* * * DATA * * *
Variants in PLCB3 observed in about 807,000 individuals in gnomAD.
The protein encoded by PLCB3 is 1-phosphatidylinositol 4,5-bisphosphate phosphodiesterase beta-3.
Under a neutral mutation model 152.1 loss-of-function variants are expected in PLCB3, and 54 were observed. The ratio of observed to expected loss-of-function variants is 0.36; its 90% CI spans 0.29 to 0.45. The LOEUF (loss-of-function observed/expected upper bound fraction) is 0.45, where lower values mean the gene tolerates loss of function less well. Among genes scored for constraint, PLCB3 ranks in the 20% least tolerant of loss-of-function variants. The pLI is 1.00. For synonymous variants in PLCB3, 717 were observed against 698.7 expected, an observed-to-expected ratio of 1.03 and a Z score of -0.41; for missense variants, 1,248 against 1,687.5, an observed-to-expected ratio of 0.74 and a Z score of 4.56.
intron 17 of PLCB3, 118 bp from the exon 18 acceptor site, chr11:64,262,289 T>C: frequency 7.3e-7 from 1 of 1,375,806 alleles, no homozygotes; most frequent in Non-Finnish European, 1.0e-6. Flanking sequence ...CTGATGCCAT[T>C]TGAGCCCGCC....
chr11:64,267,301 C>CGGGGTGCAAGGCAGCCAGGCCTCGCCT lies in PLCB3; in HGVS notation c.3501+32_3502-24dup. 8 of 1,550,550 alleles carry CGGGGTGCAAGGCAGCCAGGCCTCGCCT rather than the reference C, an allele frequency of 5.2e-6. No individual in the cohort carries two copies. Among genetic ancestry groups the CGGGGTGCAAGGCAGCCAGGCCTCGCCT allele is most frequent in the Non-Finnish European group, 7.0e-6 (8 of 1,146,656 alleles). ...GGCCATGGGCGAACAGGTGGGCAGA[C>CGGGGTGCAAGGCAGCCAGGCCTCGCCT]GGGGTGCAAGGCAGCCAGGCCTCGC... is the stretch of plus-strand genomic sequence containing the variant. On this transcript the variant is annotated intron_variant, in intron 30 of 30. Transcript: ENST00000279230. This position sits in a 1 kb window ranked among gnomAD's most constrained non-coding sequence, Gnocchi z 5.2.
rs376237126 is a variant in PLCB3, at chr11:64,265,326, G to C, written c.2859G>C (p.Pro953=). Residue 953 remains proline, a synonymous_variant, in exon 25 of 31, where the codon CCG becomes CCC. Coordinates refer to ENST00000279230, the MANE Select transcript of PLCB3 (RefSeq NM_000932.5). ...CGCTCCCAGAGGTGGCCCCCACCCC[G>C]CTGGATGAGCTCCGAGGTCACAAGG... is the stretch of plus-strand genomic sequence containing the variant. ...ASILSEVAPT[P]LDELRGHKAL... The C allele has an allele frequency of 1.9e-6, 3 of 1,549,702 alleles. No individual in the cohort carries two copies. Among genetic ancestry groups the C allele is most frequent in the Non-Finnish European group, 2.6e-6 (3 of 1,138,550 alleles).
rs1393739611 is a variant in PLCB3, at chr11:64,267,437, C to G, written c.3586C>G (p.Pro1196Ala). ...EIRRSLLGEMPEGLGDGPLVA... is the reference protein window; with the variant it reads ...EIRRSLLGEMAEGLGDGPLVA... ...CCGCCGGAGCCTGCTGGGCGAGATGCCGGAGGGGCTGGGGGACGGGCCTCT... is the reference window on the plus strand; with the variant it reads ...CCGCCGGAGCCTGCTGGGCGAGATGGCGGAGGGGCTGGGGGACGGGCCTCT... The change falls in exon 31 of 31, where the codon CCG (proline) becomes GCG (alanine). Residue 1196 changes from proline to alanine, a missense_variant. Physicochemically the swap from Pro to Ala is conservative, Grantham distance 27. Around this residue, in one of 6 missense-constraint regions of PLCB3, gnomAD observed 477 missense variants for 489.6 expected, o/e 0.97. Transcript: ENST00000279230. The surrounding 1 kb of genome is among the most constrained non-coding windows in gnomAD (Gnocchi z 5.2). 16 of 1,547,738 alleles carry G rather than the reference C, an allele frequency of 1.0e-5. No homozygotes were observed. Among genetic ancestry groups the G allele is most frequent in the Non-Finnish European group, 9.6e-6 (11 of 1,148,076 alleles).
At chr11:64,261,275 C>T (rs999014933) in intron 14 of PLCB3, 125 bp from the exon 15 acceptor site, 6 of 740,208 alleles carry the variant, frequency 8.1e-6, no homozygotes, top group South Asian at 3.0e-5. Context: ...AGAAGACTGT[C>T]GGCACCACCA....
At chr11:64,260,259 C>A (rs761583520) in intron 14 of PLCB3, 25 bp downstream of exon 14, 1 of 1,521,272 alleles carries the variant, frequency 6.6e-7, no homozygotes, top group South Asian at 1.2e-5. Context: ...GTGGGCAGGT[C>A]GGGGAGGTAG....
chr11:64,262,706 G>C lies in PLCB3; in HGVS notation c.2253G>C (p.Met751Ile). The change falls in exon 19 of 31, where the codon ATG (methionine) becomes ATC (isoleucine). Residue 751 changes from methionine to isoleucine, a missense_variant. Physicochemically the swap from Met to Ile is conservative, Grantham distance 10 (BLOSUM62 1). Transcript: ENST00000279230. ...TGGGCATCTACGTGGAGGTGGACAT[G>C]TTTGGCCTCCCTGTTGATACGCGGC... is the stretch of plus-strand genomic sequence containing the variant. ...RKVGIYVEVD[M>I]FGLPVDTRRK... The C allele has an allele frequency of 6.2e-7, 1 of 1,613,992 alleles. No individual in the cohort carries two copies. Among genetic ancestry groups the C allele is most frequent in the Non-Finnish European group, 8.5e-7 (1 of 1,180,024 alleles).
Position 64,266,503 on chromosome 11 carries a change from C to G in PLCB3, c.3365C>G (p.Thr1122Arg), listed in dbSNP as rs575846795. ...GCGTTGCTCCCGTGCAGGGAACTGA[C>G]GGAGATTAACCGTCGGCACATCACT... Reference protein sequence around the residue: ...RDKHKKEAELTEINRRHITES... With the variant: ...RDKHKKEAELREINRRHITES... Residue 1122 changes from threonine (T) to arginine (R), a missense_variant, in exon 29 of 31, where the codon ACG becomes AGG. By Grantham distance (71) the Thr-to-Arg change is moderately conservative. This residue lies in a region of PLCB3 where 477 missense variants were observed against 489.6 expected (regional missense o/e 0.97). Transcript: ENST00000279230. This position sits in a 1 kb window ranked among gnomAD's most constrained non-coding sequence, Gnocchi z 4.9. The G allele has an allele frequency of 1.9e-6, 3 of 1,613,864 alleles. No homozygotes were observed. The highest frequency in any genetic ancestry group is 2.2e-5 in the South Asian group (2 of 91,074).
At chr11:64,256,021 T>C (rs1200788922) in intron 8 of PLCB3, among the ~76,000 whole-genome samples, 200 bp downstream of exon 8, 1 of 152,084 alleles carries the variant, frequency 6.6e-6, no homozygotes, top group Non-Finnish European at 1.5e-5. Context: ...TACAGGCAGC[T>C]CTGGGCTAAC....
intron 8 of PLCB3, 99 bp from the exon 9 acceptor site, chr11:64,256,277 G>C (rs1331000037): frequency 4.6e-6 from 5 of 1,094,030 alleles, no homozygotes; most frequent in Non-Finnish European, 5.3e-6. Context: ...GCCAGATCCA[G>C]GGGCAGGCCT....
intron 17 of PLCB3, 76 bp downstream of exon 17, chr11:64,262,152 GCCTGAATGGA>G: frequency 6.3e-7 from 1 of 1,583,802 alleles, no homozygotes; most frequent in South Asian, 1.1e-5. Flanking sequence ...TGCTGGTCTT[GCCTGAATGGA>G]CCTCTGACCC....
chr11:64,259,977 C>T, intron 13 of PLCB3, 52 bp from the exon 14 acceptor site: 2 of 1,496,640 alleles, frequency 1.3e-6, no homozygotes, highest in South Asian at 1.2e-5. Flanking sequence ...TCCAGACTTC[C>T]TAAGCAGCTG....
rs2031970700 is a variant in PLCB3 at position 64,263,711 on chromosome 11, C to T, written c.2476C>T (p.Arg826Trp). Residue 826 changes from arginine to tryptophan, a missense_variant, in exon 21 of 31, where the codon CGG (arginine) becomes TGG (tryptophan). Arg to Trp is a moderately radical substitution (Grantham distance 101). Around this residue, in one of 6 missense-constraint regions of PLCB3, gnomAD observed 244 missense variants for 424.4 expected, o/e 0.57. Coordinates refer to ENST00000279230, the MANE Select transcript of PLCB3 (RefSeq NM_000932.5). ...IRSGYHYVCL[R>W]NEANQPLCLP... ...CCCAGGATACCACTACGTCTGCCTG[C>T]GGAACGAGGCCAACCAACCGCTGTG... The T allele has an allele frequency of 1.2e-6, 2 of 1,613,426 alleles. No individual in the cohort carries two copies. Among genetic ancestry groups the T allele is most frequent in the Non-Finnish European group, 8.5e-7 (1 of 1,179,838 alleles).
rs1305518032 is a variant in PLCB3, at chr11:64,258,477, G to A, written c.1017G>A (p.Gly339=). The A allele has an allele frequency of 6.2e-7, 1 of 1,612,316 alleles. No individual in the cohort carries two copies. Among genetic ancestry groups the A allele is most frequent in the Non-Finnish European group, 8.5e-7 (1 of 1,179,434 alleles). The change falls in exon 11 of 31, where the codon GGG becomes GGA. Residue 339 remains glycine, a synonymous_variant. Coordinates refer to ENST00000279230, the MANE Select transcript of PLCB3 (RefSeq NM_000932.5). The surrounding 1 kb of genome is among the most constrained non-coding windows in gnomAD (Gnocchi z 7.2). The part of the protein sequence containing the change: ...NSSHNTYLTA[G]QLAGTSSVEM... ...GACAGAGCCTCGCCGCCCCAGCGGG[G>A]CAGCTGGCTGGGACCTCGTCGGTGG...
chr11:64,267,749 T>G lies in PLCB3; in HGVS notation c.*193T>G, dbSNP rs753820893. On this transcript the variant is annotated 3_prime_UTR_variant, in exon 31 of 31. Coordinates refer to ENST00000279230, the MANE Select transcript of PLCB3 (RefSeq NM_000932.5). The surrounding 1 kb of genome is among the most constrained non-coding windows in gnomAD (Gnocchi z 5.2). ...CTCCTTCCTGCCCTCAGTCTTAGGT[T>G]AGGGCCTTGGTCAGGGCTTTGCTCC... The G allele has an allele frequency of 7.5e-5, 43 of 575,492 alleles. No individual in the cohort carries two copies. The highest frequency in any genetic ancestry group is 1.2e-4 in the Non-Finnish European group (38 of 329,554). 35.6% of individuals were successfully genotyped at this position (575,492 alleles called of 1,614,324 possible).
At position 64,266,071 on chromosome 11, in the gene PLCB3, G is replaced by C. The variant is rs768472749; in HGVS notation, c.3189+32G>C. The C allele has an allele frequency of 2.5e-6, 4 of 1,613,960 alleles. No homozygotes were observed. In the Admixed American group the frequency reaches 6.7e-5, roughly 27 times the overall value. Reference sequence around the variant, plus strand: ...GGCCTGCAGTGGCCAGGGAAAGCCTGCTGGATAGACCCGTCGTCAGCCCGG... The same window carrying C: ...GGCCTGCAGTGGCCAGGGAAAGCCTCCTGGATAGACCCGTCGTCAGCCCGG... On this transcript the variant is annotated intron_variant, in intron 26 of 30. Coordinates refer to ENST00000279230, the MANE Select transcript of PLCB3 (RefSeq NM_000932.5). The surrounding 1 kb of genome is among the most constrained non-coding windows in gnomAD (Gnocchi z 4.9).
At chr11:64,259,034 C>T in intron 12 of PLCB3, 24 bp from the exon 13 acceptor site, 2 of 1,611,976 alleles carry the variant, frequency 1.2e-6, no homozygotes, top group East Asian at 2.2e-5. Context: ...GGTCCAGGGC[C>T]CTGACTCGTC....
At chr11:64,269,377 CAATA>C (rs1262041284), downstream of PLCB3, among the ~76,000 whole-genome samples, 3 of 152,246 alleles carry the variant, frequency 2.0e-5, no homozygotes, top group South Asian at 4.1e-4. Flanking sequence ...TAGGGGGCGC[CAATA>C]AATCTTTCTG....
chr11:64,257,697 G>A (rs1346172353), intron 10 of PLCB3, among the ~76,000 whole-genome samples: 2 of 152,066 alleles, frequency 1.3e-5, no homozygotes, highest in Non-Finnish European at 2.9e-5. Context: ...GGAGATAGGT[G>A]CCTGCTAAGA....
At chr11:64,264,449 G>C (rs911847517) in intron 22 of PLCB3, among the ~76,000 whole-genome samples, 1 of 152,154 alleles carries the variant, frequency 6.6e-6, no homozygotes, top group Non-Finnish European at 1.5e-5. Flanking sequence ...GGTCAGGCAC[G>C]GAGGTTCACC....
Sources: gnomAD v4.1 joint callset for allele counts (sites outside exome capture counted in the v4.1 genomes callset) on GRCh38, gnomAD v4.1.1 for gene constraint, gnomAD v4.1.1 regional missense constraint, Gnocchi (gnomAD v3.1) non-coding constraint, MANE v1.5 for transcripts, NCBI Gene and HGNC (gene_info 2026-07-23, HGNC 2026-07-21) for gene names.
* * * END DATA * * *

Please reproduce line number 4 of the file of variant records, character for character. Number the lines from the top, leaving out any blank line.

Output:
intron 17 of PLCB3, 118 bp from the exon 18 acceptor site, chr11:64,262,289 T>C: frequency 7.3e-7 from 1 of 1,375,806 alleles, no homozygotes; most frequent in Non-Finnish European, 1.0e-6. Flanking sequence ...CTGATGCCAT[T>C]TGAGCCCGCC....